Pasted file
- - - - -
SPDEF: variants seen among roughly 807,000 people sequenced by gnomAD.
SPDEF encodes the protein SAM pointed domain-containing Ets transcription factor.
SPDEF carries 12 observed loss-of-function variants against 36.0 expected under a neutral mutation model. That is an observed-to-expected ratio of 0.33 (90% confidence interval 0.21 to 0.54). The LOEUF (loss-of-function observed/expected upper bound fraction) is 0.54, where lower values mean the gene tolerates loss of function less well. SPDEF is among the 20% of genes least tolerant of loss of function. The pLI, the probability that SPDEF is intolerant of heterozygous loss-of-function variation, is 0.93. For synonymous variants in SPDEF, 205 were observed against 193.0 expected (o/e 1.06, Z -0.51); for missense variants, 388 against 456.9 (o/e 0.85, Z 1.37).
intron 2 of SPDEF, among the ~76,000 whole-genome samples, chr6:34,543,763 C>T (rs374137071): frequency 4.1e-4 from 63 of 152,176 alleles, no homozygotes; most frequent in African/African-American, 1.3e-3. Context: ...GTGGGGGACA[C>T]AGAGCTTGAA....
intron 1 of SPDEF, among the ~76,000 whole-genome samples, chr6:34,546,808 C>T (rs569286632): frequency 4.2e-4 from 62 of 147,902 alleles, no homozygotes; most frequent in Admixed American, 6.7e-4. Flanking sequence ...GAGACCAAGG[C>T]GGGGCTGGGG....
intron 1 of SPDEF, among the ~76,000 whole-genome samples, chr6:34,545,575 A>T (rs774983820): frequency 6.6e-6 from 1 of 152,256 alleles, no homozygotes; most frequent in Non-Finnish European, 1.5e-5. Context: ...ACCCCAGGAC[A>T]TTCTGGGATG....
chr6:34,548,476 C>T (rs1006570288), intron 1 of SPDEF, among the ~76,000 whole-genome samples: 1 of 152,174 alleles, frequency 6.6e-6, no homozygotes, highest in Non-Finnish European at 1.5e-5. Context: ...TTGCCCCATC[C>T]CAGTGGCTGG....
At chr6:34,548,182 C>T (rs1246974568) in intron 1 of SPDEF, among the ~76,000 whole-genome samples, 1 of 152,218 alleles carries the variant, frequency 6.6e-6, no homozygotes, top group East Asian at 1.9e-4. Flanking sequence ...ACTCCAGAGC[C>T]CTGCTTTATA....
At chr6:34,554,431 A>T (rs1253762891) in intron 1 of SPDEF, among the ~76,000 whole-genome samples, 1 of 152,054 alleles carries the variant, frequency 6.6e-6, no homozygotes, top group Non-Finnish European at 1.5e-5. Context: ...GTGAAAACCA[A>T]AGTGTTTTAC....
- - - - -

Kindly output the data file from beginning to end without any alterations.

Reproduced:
SPDEF: variants seen among roughly 807,000 people sequenced by gnomAD.
SPDEF encodes the protein SAM pointed domain-containing Ets transcription factor.
SPDEF carries 12 observed loss-of-function variants against 36.0 expected under a neutral mutation model. That is an observed-to-expected ratio of 0.33 (90% confidence interval 0.21 to 0.54). The LOEUF (loss-of-function observed/expected upper bound fraction) is 0.54, where lower values mean the gene tolerates loss of function less well. SPDEF is among the 20% of genes least tolerant of loss of function. The pLI, the probability that SPDEF is intolerant of heterozygous loss-of-function variation, is 0.93. For synonymous variants in SPDEF, 205 were observed against 193.0 expected (o/e 1.06, Z -0.51); for missense variants, 388 against 456.9 (o/e 0.85, Z 1.37).
intron 2 of SPDEF, among the ~76,000 whole-genome samples, chr6:34,543,763 C>T (rs374137071): frequency 4.1e-4 from 63 of 152,176 alleles, no homozygotes; most frequent in African/African-American, 1.3e-3. Context: ...GTGGGGGACA[C>T]AGAGCTTGAA....
intron 1 of SPDEF, among the ~76,000 whole-genome samples, chr6:34,546,808 C>T (rs569286632): frequency 4.2e-4 from 62 of 147,902 alleles, no homozygotes; most frequent in Admixed American, 6.7e-4. Flanking sequence ...GAGACCAAGG[C>T]GGGGCTGGGG....
intron 1 of SPDEF, among the ~76,000 whole-genome samples, chr6:34,545,575 A>T (rs774983820): frequency 6.6e-6 from 1 of 152,256 alleles, no homozygotes; most frequent in Non-Finnish European, 1.5e-5. Context: ...ACCCCAGGAC[A>T]TTCTGGGATG....
chr6:34,548,476 C>T (rs1006570288), intron 1 of SPDEF, among the ~76,000 whole-genome samples: 1 of 152,174 alleles, frequency 6.6e-6, no homozygotes, highest in Non-Finnish European at 1.5e-5. Context: ...TTGCCCCATC[C>T]CAGTGGCTGG....
At chr6:34,548,182 C>T (rs1246974568) in intron 1 of SPDEF, among the ~76,000 whole-genome samples, 1 of 152,218 alleles carries the variant, frequency 6.6e-6, no homozygotes, top group East Asian at 1.9e-4. Flanking sequence ...ACTCCAGAGC[C>T]CTGCTTTATA....
At chr6:34,554,431 A>T (rs1253762891) in intron 1 of SPDEF, among the ~76,000 whole-genome samples, 1 of 152,054 alleles carries the variant, frequency 6.6e-6, no homozygotes, top group Non-Finnish European at 1.5e-5. Context: ...GTGAAAACCA[A>T]AGTGTTTTAC....